Knowing Litigation Terms Can Help You in Court
Many people go through life without ever having a run-in with the law, making it easy to neglect learning some of the most common litigation terms. Others, however, understand all too well why it is important to educate yourself about the meaning of the most referenced litigation terms.
Whether you have been involved in a car accident, are facing a premises liability case, or need a lawyer for any other reason, it is imperative you take the time to brush up on some of the terms your legal team will be using.
Unfortunately, the law is often misunderstood and many people completely misuse legal terminology. Today we are going to look at some of the most commonly used – and important – litigation terms to prepare you for any future cases. At Shamieh Law, our clients are our top priority. We strive to ensure your questions are answered and you understand all aspects of your case, regardless of the circumstances.
Defining the Top Litigation Terms
Let’s face it – lawyers often seem to have their own language, making it difficult for clients to fully understand what is going on. If you’ve never been involved in the legal system before, there’s a good chance you will be hearing many of these terms for the first time.
Below you will find some of the most widely used litigation terms as well as answers to some common questions surrounding legal terminology. However, if you have a question about a term that we did not go over, we encourage you to reach out. Our team would be happy to answer any questions you may have.
Here now are a handful of legal terms you should know:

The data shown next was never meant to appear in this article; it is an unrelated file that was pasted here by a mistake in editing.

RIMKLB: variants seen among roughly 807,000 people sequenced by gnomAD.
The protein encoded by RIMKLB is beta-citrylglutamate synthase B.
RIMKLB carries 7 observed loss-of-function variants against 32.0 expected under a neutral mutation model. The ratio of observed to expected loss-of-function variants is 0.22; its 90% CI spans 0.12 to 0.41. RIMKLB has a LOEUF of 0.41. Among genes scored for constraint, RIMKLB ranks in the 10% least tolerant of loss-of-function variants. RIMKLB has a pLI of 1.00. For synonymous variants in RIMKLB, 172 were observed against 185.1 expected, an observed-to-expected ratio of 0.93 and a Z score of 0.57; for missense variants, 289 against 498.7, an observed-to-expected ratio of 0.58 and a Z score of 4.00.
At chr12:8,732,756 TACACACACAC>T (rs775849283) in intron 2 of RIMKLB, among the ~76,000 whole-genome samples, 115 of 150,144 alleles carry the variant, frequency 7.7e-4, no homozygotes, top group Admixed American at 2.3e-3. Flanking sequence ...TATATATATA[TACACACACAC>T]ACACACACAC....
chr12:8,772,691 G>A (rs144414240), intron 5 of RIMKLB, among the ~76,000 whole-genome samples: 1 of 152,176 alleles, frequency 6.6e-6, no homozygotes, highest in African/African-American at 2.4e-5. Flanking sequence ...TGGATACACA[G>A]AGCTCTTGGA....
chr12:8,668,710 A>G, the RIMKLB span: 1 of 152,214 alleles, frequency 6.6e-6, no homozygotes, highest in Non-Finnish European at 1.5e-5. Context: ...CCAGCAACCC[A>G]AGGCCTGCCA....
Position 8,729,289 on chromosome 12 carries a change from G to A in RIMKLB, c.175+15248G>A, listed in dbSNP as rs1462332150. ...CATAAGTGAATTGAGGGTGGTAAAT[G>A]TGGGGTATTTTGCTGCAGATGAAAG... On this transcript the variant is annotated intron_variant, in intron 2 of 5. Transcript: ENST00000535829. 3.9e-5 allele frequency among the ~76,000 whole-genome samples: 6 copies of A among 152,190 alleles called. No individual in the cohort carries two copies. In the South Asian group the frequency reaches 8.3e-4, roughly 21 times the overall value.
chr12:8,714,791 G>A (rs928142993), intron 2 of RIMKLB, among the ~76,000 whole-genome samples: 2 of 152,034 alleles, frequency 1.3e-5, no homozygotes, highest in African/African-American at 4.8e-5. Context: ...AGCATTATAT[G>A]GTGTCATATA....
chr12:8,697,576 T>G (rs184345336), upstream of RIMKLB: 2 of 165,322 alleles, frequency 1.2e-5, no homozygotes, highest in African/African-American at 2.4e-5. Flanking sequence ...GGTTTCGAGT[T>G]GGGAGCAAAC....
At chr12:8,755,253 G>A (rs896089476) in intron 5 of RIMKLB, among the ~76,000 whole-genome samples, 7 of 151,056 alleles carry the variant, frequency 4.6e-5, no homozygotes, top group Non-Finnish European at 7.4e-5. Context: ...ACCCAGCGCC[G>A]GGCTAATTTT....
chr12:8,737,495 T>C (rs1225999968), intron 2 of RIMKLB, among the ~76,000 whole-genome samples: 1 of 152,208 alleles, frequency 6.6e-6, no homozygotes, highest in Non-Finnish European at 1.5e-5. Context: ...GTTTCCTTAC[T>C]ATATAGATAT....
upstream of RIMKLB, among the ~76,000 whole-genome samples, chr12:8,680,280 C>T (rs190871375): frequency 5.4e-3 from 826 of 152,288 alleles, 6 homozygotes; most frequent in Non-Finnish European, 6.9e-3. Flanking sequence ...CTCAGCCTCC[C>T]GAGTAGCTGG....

- Credibility – this term is thrown around a lot and is basically another way of saying that you are believable and trustworthy with your story. Someone who has the ability to appear honest is hugely important, as credibility is often at the center of a lawsuit.
- Damages – Damages refer to the amount of money or compensation you will receive in a lawsuit.
- Default – This is the process where the court stops any party (either plaintiff or defendant) from advancing claims or defenses because the party in question failed to follow the rules of the law.
- Docket – This is how the court keeps track of a case.
- Liability – Another important term, liability is used to describe a defendant that is responsible for the accident and any damages. In almost all lawsuits, the goal is to prove that one party is liable for the injuries and damages suffered.
- Negligence – When someone acts without care and does not follow through with their duty to another person (such as crossing the yellow lane when driving), they may be found negligent.
What is deposition?
One of the most frequently asked law questions is “what is deposition?” This is a very common term that refers to when a person is asked to appear in court at a specific time and place and give a sworn testimony. Usually, depositions take place after the lawsuit has been filed but before there has been a settlement or trial
What questions are asked during a deposition?
The questions asked during a deposition will depend on the nature of the case. However, questions largely center around the following:
- Questions about your background, such as “what is your full name?”
- Questions about your residential history
- Questions about your marital status
- Questions about your education
- Questions about your legal history
What is mediation?
Mediation is an opportunity for the parties to discuss any disputes or problems with the help of an experienced, unbiased third person. It is basically an informal meeting among the parties in an effort to reach a settlement as peacefully as possible, without having to go to court.
What is arbitration?
Most often used in lawsuits involving businesses, arbitration is the process of bringing a dispute before a third party for resolution. The third party, or the arbitrator, then listens to the evidence and both sides of the story prior to making a decision.
We hope you now have a better understanding of some of the most common legal terms and phrases you may hear in the event of a lawsuit. If you have additional questions or would like to schedule a free consultation, please contact Shamieh Law today.